Jesus's words on the cross, “My God, my God, why have you forsaken me?” (Matthew 27:46), open four windows into what was happening in these hours of darkness. My prayer for today is that as you look through these windows you will be changed by what you see. Window #1: Sin...
“Consider it pure joy, my brothers and sisters, whenever you face trials of many kinds ” (James 1:2, NIV)
It is no mystery to Christians that walking a life of faith is difficult and brings on many challenges. Jesus affirms this in Matthew 16:24 when he says: “If anyone would come after me, let him deny himself and take up his cross and follow me.” Again, Jesus emphasizes this point in John 16:33 where he says:
worldyou will have trouble. But take heart! I have overcome the world.”
As Christians we live with this blessed peace that Jesus Christ has overcome the world, and by putting our faith in him we know that we will dwell with Christ in the new heaven and the new earth. However, in the meantime, we live in this fallen world surrounded by evil and temptation. This is where the struggle of being a Christian comes in:
How do I live a godly life in an ungodly world?
The book of James gives us insight into what it means to live a godly life. When we come under trials of many kinds, this book gives us godly wisdom that can stand the pressure of any worldly trial. We see through James’s teaching that on our own we cannot possibly live God-pleasing lives, but by God’s grace and Word we can live with confidence in the face of difficulty.
Who was James?
There are three candidates that might have been the author of James. The first two were disciples of Jesus: James the son of Zebedee, and the other was the son of Alphaeus. However, it is unlikely that either of these two people were the author as the first died in A.D. 44 and the second disappeared from what scholars can gather shortly after the resurrection of Jesus.
Most scholars would agree that it was James the brother of Jesus, the head of the Jerusalem church from A.D. 44 to 62, who wrote this book. James had a large responsibility to encourage, teach, and direct the young church through a time of great persecution and trial.
James knew all too well that the church was not immune to the pitfalls of human sin. He spoke from a place of wisdom and authority and his wise words to the early church still resonate today with the modern church.
James writes pastorally to the tribes scattered among the nations to give them wisdom and encouragement in the face of persecution.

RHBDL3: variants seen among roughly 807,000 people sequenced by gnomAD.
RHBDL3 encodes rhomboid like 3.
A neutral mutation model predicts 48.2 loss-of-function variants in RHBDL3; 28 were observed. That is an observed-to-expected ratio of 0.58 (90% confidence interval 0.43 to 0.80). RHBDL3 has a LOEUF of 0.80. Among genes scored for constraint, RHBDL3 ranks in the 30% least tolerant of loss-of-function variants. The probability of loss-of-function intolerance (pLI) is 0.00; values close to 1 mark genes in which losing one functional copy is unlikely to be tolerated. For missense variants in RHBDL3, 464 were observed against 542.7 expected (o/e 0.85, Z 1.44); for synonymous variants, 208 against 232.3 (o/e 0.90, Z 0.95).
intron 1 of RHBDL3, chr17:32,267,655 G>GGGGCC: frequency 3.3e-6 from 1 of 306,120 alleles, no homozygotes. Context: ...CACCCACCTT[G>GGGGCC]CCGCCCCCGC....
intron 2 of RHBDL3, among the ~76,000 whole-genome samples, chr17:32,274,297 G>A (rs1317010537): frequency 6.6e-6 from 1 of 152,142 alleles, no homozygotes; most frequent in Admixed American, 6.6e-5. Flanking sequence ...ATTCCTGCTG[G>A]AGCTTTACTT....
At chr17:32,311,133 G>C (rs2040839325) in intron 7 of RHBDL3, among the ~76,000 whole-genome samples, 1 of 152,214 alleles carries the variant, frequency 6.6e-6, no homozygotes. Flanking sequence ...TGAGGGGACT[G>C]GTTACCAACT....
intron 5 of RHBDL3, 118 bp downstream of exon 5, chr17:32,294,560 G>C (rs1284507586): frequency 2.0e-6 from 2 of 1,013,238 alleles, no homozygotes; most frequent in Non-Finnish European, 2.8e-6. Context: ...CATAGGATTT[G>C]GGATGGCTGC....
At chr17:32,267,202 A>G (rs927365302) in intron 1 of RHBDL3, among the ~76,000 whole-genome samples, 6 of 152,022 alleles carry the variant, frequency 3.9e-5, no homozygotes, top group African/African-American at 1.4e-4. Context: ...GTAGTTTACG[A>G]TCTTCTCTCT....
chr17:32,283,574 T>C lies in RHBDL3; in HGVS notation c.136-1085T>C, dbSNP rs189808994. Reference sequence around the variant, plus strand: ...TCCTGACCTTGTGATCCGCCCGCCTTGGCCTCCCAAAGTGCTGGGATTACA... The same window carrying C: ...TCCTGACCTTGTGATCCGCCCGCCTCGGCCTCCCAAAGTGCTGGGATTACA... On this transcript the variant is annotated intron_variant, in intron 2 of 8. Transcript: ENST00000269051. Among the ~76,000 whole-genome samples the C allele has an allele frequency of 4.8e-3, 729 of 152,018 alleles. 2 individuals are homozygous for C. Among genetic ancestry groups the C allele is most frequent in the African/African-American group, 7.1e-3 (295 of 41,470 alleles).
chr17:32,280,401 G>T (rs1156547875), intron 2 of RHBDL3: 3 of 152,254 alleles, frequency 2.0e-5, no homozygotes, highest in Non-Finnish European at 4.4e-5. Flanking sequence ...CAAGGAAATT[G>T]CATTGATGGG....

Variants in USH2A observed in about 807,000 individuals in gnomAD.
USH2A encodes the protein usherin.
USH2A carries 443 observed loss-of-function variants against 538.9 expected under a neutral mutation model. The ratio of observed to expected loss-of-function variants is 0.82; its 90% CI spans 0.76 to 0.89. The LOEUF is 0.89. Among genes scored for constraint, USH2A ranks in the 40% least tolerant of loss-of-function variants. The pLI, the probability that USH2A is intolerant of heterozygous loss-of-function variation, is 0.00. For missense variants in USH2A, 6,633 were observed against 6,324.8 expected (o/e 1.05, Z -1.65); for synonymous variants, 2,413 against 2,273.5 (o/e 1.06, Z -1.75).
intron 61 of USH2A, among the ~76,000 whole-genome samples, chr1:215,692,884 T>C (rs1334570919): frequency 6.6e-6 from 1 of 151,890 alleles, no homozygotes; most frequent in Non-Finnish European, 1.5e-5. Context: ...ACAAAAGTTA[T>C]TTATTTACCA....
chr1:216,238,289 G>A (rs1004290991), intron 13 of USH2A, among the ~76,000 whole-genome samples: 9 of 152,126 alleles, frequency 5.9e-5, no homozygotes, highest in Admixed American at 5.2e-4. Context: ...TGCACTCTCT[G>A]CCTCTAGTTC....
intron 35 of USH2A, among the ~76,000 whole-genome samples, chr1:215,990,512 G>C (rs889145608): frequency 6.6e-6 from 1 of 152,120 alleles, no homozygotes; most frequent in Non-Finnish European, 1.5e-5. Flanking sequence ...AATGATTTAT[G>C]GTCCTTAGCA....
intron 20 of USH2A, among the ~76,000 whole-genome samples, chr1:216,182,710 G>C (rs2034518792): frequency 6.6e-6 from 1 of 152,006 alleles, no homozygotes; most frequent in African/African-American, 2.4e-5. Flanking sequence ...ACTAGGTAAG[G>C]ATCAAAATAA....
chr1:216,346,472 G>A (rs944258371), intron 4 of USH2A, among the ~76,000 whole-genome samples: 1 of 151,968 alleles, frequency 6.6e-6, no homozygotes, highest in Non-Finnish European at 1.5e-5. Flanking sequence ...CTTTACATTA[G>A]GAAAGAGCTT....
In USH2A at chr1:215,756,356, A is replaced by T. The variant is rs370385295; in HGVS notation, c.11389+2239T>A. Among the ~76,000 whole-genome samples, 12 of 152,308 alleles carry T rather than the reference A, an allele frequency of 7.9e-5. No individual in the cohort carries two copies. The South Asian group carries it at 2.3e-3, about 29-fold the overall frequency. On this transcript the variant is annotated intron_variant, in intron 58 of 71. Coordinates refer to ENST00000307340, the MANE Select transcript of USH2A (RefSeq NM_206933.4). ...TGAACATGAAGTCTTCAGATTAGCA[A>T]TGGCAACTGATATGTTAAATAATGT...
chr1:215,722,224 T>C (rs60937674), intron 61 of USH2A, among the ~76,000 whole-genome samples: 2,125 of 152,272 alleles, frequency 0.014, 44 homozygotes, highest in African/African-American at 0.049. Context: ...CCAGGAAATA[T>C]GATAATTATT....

A Godly View of Persecution
In the course of our lives we can become weary of the trials that we face as Christians.
Maybe it is a child who continually rebels and rejects Christ. Perhaps you work in an environment that is hostile to believers. If you are in school, you may have experienced the attacks that come from your classmates and teachers. Whatever your experience, we all know what it feels like to have our faith come under fire.
It takes a lot of love and patience to respond in a Christ-like way.
The early church that James wrote to surely knew what it was like to experience this persecution. Many scholars believe that it was written specifically to Jewish Christians that had scattered after Stephan’s death. It was a scary and uncertain time for the believers of the early church. But instead of feeling sorry for the early church, James tells them in verse 2 to consider it pure joy when they face trials of many kinds.
Is this not contrary to how we naturally view persecution? We view persecution, the disapproval of others, and pain as negative and to be avoided at all costs. But James tells them that this should be counted as pure joy because it produces perseverance.
Now, why is perseverance so important?
Without persevering in our faith, we cannot be complete in Christ. Through perseverance God molds us, teaches us, and draws us closer to a more complete life through the spirit.
It is easy to believe in God when everything is going the way we want in life. It is much harder when we face trials of many kinds. But it is in these trials that we gain a godly perseverance that enables us to live wholesome lives in the Spirit in light of the trials we face.
God wants us to come to a place where we are whole, he wants what is best for us. We are whole when we are fully relying on his grace. This is something that we learn and know best when our faith is on trial. To suffer and live for Christ is one of the great joys of being a Christian. For we know that anything we do as an act of worship toward God, or any sacrifice we make for his eternal kingdom, is honored by God.
Living under his lordship and living a God-pleasing life far outweighs the comforts of this life. The pain is real and can be at times overwhelming. But Jesus has promised us that he will never leave us or forsake us, and that one day we will be free of pain and suffering and restored to him.
The next time you find yourself in a trial, remember to count it as pure joy! Do not focus on the pain of now, but focus instead on the reward of eternal life. Think of this: pleasing our Father in heaven is so much greater than pleasing man.
May James’s encouragement strengthen and motivate you as it did the early church.